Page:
Consolidating government subsidized student loans
As you can see from the fact that there are both pros and cons, the question of whether to consolidate is not necessarily simple.
There are a lot of ramifications and wrinkles to consider, including the fact that student loans are generally not dischargeable in bankruptcy—so if you replace several smaller loans with one large one, you’re taking on a large obligation that you can’t get out from under other than by paying it off.
Subsidized loans are a sought after product offering by many people especially the middle income earners.
A government debt consolidation loan is a loan given by a government program or agency in order to help a person pay off debts he or she owes to multiple institutions simultaneously.
These are just a few of the issues to keep in mind when students, or former students, are contemplating consolidation.
Federal student loan borrowers have the option of consolidating their loans via the Direct Consolidation Loan program offered by the U. That loan is then serviced by the servicer of your choosing – of which Nelnet is one!
The consolidator then issues a new loan for the same amount with a secure interest rate.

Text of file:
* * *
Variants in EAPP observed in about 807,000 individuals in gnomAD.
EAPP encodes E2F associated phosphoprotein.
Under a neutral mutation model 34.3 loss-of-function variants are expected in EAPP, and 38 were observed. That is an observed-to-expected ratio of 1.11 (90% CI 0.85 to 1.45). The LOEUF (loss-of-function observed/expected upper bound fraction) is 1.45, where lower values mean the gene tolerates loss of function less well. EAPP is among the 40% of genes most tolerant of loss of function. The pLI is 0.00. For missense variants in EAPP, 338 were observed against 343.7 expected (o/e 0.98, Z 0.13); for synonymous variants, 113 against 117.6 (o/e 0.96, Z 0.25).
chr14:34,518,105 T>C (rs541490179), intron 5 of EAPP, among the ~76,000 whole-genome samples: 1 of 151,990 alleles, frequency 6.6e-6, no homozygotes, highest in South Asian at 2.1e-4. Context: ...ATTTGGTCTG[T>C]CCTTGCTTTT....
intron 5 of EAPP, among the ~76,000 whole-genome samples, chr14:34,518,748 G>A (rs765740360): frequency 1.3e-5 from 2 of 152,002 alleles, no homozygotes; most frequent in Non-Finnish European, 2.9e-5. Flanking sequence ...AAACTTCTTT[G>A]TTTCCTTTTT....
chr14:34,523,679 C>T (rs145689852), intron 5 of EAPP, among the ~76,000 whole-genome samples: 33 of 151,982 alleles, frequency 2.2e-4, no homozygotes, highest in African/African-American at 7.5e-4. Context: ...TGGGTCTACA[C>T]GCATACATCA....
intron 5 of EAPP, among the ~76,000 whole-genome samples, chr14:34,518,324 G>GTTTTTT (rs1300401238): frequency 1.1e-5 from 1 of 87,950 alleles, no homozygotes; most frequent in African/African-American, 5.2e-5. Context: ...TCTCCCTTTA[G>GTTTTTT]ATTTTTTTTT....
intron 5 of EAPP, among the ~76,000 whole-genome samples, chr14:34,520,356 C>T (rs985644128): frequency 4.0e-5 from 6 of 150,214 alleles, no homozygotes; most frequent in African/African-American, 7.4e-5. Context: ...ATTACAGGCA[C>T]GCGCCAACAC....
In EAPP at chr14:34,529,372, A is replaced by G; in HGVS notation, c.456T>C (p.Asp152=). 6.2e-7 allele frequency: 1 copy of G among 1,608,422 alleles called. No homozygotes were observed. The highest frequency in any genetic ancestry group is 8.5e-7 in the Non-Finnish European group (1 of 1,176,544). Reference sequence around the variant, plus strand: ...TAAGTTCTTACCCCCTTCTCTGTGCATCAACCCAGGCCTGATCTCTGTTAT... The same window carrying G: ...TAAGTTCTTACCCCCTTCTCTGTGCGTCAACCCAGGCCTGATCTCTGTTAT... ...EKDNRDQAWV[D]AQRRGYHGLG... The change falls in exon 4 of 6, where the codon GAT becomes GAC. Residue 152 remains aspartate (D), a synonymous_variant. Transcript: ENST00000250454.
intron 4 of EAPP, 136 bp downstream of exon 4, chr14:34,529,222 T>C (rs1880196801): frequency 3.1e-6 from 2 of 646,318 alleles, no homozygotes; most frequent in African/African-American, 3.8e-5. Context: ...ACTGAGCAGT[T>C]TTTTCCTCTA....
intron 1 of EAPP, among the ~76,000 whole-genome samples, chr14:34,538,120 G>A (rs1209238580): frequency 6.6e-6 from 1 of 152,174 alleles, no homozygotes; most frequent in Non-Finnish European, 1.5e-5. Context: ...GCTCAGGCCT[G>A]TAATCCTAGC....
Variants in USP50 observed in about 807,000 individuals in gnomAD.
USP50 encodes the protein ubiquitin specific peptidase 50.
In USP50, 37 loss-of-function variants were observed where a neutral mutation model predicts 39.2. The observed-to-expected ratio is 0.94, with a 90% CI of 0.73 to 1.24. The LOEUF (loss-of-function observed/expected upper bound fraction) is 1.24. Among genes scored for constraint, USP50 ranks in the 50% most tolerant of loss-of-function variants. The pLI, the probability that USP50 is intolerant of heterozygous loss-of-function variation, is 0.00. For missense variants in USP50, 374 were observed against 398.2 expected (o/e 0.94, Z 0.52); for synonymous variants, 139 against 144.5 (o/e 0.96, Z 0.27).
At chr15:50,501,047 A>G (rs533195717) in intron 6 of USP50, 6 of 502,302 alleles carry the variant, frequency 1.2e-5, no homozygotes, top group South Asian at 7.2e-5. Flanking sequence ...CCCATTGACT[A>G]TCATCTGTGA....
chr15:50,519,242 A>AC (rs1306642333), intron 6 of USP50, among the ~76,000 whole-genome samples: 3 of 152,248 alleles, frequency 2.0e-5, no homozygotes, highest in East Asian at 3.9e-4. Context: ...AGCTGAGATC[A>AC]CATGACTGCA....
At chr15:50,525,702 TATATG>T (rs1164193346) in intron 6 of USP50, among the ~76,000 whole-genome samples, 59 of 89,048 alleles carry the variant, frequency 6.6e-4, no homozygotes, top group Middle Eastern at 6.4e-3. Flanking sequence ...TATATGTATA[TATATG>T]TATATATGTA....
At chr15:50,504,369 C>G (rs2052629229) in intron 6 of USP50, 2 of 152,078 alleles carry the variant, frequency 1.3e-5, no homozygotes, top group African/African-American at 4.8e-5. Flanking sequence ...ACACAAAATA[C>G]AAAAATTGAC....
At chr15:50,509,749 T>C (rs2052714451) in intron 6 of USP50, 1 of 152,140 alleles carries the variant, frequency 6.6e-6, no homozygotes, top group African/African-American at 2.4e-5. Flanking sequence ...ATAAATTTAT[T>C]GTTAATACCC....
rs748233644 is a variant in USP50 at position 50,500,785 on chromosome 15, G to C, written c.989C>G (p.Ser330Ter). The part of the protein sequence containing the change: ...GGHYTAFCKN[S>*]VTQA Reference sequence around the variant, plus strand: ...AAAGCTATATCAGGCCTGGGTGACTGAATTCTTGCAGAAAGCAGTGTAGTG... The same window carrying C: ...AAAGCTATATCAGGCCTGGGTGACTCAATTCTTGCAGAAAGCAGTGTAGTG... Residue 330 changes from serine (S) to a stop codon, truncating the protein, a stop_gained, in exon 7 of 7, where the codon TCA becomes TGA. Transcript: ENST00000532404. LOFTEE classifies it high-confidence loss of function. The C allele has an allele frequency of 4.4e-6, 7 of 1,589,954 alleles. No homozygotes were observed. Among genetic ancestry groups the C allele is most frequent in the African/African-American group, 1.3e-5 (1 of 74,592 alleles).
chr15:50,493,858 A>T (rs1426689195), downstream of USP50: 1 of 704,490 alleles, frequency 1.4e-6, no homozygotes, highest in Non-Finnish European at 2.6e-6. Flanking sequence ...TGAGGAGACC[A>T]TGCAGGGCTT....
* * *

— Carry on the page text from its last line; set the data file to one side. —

This basically means that the rate isn’t going to change unless the borrower fails to make payments or otherwise defaults.
People often like this sort of structure because of its convenience.
They can make just one payment instead of many, and they don’t have to keep track of multiple due dates.
When a person signs up for this type of loan, a government agency or consolidation company pays off the debt in full to all of the collectors.
You have the option to select the servicer of your choice (of which, Nelnet is an option) After your new Direct Consolidation Loan is complete, you may still add more eligible loans to your existing consolidation.
If you would like to add other eligible loans, your servicer must receive your Request to Add Loans Form within 180 days from the date your Direct Consolidation Loan is completed (originated).